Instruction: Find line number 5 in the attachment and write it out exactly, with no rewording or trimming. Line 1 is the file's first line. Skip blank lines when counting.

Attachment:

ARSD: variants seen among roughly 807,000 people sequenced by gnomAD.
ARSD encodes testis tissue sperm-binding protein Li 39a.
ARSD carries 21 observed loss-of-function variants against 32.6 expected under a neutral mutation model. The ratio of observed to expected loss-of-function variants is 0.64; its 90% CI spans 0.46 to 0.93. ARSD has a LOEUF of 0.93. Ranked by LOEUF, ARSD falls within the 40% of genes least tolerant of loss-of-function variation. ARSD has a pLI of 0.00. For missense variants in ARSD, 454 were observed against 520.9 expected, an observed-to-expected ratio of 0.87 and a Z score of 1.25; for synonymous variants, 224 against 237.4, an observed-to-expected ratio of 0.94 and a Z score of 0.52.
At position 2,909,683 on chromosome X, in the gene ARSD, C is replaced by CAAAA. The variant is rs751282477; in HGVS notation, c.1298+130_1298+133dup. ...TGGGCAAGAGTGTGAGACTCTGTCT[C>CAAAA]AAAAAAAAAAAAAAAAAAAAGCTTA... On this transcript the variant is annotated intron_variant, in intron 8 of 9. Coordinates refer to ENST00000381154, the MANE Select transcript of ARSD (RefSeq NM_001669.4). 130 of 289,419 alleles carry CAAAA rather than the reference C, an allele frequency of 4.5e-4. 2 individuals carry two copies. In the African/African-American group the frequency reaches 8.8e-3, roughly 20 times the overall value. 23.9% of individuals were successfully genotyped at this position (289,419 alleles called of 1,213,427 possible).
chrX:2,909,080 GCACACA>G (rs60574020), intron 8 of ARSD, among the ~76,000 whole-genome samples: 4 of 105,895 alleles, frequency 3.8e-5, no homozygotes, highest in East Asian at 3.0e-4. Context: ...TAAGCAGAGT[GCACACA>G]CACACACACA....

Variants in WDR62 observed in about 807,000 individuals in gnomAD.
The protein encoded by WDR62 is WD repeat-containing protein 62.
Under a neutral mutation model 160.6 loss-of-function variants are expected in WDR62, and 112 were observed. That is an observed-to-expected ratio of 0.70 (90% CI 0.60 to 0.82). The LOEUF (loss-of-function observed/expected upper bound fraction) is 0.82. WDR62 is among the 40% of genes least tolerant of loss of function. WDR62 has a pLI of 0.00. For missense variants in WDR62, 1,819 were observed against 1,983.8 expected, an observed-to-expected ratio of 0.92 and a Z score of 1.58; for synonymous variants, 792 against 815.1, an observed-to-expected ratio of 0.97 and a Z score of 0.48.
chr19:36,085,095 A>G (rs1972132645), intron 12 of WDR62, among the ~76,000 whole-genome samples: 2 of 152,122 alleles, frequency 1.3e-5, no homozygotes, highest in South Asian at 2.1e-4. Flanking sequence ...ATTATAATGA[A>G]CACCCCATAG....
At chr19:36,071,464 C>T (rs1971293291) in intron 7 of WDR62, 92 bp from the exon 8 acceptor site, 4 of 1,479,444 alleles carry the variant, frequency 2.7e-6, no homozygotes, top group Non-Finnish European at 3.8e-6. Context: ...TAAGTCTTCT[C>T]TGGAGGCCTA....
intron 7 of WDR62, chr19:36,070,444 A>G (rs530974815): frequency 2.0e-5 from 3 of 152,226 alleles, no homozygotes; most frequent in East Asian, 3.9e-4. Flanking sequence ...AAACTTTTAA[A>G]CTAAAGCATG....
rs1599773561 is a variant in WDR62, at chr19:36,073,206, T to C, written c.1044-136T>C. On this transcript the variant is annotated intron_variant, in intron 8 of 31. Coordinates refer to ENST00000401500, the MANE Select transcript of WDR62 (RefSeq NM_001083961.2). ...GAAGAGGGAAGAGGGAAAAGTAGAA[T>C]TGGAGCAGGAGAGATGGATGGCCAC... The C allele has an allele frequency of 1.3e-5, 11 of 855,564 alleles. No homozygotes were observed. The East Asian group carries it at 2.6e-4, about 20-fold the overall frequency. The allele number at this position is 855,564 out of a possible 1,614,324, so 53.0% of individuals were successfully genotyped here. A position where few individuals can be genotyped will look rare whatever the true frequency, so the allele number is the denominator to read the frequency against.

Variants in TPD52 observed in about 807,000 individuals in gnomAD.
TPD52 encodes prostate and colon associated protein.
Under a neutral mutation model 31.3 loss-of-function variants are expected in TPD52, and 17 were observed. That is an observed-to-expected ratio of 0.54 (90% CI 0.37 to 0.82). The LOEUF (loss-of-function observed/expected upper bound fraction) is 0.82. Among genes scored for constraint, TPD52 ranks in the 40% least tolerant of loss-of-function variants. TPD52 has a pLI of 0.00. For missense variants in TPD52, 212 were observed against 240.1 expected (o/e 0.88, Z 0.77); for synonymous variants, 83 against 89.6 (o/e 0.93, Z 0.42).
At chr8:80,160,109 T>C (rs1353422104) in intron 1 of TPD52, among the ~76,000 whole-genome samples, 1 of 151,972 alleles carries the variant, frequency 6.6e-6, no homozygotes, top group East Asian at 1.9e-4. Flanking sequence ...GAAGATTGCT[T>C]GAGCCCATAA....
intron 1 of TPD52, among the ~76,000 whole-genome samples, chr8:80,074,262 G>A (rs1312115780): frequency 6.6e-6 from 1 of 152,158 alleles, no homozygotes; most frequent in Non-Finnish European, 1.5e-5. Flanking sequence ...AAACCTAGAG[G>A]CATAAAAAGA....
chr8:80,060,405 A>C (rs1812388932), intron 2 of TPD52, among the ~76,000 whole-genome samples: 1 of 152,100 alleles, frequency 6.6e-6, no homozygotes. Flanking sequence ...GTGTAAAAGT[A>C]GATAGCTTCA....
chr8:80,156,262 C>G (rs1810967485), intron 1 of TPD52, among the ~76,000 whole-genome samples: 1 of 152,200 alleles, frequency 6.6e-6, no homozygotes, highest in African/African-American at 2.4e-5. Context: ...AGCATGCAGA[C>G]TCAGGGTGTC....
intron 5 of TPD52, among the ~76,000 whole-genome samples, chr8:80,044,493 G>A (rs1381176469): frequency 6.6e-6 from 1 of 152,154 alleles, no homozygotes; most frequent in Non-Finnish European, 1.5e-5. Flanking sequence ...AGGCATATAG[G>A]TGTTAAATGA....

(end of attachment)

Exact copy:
chrX:2,909,080 GCACACA>G (rs60574020), intron 8 of ARSD, among the ~76,000 whole-genome samples: 4 of 105,895 alleles, frequency 3.8e-5, no homozygotes, highest in East Asian at 3.0e-4. Context: ...TAAGCAGAGT[GCACACA>G]CACACACACA....